LVD SCSI Common Mode Resistance
Kevin Gingerich
S=Kevin_Gingerich%S=Gingerich%G=Kevin%TI at mcimail.com
Mon Jan 22 07:32:00 PST 1996
* From the SCSI Reflector, posted by:
* <Kevin Gingerich <S=Kevin_Gingerich%S=Gingerich%G=Kevin%TI at mcimail.com>>
To SCSI Reflector X400
>From Kevin Gingerich GING
/pn=scsi/mbx1=scsi at symbios.com/ems=internet/admd=mci/c=us/
Subj LVD SCSI Common Mode Resistance
Dennis, the relationship I derive for the common-mode resistance of a three
resistor divider is
Rcm = Rdiff/4 x (Vref/Vb -1).
In any case, this only lowers Rcm to 690 ohms, using your inputs. This would
add +/-220 mV of steady-state common-mode voltage to the bus if we continue to
model each receiver input's leakage as a +/-20 uA current source and worst-case
tolerance stack up. (Rcm/2 ohms x Ii Amperes/input x 2 inputs/node x 16 nodes)
The trade off is the maximum allowable driver differential output level that
will keep the bus steady-state voltage between 0 V and 2.5 V. An additional
220 mV of steady-state common-mode voltage subtracts directly from the maximum
differential steady-state output voltage and tightens the spread between the
minimum and maximum output levels. The final determination of Rcm will depend
on what maximum-to-minimum steady-state output voltage range can be held on the
line drivers and the leakage model.
The ac constraint for the terminator common-mode impedance (not resistance)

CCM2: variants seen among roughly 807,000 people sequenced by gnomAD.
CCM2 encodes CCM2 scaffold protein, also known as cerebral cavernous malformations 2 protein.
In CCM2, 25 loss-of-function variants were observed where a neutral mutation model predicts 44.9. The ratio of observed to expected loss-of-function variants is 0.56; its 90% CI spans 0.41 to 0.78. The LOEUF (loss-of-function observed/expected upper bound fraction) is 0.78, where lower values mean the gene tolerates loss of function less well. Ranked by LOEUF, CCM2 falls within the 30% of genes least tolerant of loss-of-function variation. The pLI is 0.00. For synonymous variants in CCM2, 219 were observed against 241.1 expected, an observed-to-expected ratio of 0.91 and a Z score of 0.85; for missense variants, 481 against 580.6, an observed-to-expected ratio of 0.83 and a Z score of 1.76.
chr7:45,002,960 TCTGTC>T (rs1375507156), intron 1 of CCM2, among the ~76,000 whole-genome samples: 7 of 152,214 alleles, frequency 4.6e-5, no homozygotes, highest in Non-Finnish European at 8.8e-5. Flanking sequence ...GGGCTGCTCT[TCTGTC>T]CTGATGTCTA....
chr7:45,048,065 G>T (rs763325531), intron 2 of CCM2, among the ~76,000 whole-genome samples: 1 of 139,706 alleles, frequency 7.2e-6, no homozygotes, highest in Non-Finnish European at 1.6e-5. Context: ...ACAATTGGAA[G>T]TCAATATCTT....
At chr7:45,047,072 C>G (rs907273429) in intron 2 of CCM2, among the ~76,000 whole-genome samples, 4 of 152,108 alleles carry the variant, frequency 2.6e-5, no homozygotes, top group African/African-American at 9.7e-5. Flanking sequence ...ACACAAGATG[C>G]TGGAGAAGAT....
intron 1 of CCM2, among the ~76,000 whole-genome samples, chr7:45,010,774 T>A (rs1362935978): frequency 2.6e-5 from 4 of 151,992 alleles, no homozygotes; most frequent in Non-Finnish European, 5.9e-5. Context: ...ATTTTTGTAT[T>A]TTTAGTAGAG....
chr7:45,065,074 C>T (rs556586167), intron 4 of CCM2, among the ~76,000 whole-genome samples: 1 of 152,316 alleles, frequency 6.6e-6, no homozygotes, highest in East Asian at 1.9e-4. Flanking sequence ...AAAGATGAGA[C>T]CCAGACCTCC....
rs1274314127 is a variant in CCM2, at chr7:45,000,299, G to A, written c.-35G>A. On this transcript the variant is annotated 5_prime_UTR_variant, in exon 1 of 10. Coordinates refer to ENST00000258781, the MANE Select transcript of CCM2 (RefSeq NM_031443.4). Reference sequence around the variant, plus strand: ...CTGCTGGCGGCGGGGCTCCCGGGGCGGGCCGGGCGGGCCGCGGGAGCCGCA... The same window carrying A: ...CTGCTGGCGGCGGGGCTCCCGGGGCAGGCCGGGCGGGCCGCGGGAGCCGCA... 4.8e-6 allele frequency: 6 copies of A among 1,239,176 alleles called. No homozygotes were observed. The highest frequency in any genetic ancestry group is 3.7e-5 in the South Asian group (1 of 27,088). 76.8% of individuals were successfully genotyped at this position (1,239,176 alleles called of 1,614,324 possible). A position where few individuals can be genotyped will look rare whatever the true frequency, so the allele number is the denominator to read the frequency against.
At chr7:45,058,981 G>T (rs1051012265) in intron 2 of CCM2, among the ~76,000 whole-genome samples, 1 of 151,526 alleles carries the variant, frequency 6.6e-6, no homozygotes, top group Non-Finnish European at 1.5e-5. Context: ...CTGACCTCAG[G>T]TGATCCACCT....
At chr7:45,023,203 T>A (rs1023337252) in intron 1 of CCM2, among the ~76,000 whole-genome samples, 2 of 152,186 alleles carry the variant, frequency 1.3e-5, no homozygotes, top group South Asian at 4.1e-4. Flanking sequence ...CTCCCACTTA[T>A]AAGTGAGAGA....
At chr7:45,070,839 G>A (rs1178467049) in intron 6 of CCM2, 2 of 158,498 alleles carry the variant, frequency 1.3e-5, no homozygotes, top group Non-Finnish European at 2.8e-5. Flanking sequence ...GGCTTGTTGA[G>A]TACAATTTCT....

will depend upon the allowable driver common-mode output voltage and media
common-mode impedance. I suspect that the dc constraint will be the more
stringent.
Regards,
/Kevin/
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To: Kevin_Gingerich
From: /PN=HAYNES_DENNIS/MBX1=HAYNES(u)DENNIS#s#error(u)bbc#s##s##s##s##s##s##s#
#s#HPMEXT1/EMS=INTERNET/ADMD=MCI/C=US/
Subject: LVD SCSI Common Mode Resistance
* From the SCSI Reflector, posted by:
* <HAYNES_DENNIS/error_bbc////////HPMEXT1/DENNIS#b#HAYNES#o#TUC#o#06 at u2.bbrown.
com>
I have been working on equations to describe
the relationship between the various parameters
on the three resistor terminator for Low Voltage
Differential SCSI. I will show the results at the
next working group session Jan 29/30.
One of the relationships I have found is that
Rcm = Rdiff/4 x Vref/Vb
where
Rcm is the desired common mode impedance
created by the terminator.
Rdiff is the desired differential
impedance created by the terminator
Vref is the power supply at the top of
the three resistors that make up the
terminator
Vb is the desired bias voltage generated
by the terminator
If this equation is met the terminator
can be implemented with a single supply.
If the equation is not met, then two supplies
will be needed.
When I use the worst case numbers for the
various elements in the equation I get a higher
value for Rcm than we have discussed before.
Rcm = 115/4 x 2.5/0.1 = 719 ohms
This says that unless we can raise the Rcm value
to 719 ohms we will need to go to a more complex
implementation. The circuit can be realized with
two voltage sources, on at the top and one at the
bottom of the resistor string.
We now have models that give us quantifiable
effects on the values of Rdiff, Vb and Vref. So
far we have not gotten similar models that would
give us insights on the impact on system performance
as the value of Rcm is changed.
If any of you have resources that you can
determine the implications of changes in
Rcm on system performance please use them.
If we unnecessarily keep the value of Rcm too low
it will raise the cost of termination without
providing a system benefit.
Dennis Haynes
Burr-Brown Corp.
Tucson, AZ
Phone: 520 746 7262
EMail: haynes_dennis at bbrown.com
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